The Forum for Family and Consumer Issues (FFCI)
- Housing and House Furnishings
- Legal Issues
Housing and House Furnishings
Performance Regulations for Crib Side Rail Slats May Be Coming
From January 1985 to September 1996, the Consumer Product Safety Commission (CPSC) received 138 reported incidents of crib slat disengagements involving cribs manufactured by at least 26 different manufacturers. Those 138 incidents resulted in 12 deaths and 5 serious injuries. It seems the side rail slats on the cribs become loose, break, or fall out during use.
CPSC has decided to publish an advance notice of proposed rulemaking. This will start the process of developing a mandatory performance standard for full-size and certain (non-mesh) non-full-size cribs. Crib manufacturers indicate the problems are poor quality control. CPSC is looking at a slat strength test used by Canada to test cribs. Furniture manufacturers, on the other hand, indicate that the Canadian strength test does not detect unsatisfactory glue joints.
In 1973 and 1976, the CPSC instituted mandatory standards for full-size and non-full-size cribs. The standards included requirements relating to side height, slat spacing, and mattress fit. In 1982, the CPSC amended the standards to also include prohibiting hazardous cutouts in crib end panels.
Parents of infants and toddlers need to be aware of the potential hazards. They should periodically test crib slats to be sure they are secure with no loose or broken sections. This will prevent potential accidents.
For updates on the regulation process, see CPSC’s web site at: http:/www.cpsc.gov/index.html.
Other Web Sites to Check
The Carpet & Rug Institute (CRI) now has a web site (http://www.carpet-rug.com/)
The web site includes a spot removal section. It can be an excellent supplement to our own Homecare 1 computer program. The spot removal list is more extensive than Homecare 1, but their solutions are not detail specific. For example, the CRI list includes removing crepe paper stains, creosote, papier-mache, tree pitch, play-doh, solder, and suntan lotion to name a few. However, their cleaning solution options include drycleaning solvent, nail polish remover, detergent and water, vinegar and water, and ammonia and water without the details on the procedures as we gave in Homecare 1.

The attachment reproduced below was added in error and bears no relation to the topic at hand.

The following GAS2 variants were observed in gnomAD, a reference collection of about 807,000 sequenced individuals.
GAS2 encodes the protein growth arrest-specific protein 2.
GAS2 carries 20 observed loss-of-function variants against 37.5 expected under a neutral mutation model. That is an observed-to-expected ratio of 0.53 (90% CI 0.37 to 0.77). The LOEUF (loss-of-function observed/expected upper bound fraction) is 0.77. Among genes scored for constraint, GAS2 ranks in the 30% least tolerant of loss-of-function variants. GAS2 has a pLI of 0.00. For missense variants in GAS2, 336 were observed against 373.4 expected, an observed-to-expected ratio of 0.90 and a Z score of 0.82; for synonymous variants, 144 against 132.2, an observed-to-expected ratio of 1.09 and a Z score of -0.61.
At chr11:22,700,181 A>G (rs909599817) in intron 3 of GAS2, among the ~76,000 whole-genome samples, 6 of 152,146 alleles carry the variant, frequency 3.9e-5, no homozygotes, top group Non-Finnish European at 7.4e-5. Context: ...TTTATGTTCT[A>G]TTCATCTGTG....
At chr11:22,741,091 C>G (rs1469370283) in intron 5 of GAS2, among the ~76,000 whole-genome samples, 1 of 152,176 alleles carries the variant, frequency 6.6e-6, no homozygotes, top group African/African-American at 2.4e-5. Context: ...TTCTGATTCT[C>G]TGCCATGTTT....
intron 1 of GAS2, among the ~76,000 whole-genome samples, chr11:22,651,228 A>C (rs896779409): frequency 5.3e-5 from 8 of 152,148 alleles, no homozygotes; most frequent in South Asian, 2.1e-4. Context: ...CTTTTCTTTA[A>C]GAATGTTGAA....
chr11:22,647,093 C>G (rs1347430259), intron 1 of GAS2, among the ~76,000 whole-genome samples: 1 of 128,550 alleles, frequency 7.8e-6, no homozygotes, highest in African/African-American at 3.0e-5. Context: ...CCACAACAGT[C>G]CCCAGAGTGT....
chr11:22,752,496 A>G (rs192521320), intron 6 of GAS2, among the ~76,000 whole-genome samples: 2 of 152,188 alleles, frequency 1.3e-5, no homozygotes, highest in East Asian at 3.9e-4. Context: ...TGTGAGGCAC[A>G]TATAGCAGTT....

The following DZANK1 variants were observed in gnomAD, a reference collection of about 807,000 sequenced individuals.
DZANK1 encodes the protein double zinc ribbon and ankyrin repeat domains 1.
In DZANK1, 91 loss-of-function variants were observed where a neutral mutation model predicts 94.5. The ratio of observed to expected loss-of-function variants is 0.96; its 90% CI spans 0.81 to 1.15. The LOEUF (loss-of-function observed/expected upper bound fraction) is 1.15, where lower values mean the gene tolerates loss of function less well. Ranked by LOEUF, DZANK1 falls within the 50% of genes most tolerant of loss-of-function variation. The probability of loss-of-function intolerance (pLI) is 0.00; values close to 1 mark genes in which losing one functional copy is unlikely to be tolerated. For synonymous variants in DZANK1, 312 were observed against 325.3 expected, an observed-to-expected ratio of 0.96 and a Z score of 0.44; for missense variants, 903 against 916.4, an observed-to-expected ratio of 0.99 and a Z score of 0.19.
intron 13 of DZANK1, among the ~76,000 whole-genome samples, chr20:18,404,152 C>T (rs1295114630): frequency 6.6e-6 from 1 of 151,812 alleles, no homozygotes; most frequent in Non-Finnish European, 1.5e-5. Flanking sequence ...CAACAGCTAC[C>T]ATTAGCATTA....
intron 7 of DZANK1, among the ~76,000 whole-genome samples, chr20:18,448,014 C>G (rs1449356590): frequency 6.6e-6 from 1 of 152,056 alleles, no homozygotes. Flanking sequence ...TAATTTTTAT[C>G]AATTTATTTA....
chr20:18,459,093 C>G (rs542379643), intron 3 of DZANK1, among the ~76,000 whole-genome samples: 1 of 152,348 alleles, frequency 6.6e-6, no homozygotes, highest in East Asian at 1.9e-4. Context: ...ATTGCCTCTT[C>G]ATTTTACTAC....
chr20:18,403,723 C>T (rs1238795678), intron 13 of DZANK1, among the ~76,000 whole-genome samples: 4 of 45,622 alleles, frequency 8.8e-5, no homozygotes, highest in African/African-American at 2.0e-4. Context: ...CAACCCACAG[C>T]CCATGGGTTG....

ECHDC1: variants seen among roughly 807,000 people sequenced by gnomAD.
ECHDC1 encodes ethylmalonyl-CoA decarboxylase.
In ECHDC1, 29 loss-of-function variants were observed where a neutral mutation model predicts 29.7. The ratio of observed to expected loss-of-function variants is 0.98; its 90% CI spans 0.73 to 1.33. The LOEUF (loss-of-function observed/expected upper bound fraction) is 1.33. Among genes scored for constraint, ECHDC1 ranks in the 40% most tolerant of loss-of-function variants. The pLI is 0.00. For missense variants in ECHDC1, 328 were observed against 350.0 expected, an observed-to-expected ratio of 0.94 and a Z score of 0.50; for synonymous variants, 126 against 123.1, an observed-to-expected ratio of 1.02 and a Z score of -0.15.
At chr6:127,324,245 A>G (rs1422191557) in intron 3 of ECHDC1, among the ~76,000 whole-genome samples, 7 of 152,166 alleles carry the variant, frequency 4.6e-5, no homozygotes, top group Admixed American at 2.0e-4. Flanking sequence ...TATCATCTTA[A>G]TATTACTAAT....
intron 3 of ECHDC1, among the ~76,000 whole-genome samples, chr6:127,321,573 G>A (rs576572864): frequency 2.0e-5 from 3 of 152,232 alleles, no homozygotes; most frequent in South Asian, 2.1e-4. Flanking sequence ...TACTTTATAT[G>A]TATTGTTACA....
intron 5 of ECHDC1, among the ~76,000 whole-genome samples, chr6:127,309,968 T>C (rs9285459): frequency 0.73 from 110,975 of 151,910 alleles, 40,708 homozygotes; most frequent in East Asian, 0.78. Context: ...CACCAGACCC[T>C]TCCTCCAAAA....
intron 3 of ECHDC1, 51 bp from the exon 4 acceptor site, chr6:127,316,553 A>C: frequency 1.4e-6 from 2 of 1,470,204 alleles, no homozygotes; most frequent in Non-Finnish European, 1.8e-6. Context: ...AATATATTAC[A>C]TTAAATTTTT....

This web site has information on wood flooring choices, wood flooring species and grades, wood floor finishes, caring for wood floors and repairing scratches and removing stains. This too, may be an excellent supplement to Extension’s Homecare 1 and Homecare 2 for care and spot removal information.
Contributed by: Wilma S. Hammett, Ph.D., Extension Specialist, Interior Design.
A durable power of attorney containing the word “transfer” expressly confers the power to make gifts. The North Carolina Supreme Court recently clarified the law regarding making gifts pursuant to a durable power of attorney. The court held that an attorney-in-fact acting pursuant to a broad general power of attorney lacks the authority to make a gift of the principal’s real property unless that power is expressly conferred. The North Carolina statutory short form power of attorney, standing alone, did not confer this power before the 1995 amendments.** The court decided that the power of attorney in question, however, conferred the authority to make gifts because it had been modified to include the word “transfer.” The court reasoned that the word “transfer” is a word ordinarily used to represent a conveyance of property by sale or by gift. Whitford v. Gaskill, ____ N.C. ____, (No. 399PA95, 2-10-97).
** In 1995, the North Carolina legislature amended the law by adding a section to the statutory short form power of attorney which allowed the principal to give the attorney-in-fact the authority to make gifts to individuals and charities in accordance with the principal’s personal history of gift-giving. The court decision is important for cases involving a durable power of attorney executed before the effective date of the amendments, and in cases where the principal does not have a personal history of gift-giving. In the latter case, the principal may wish to add the word “transfer” to his or her durable power of attorney in order to authorize an attorney-in-fact to make gifts.
Contributed by: Carol A. Schwab, Family Resource Management Specialist.
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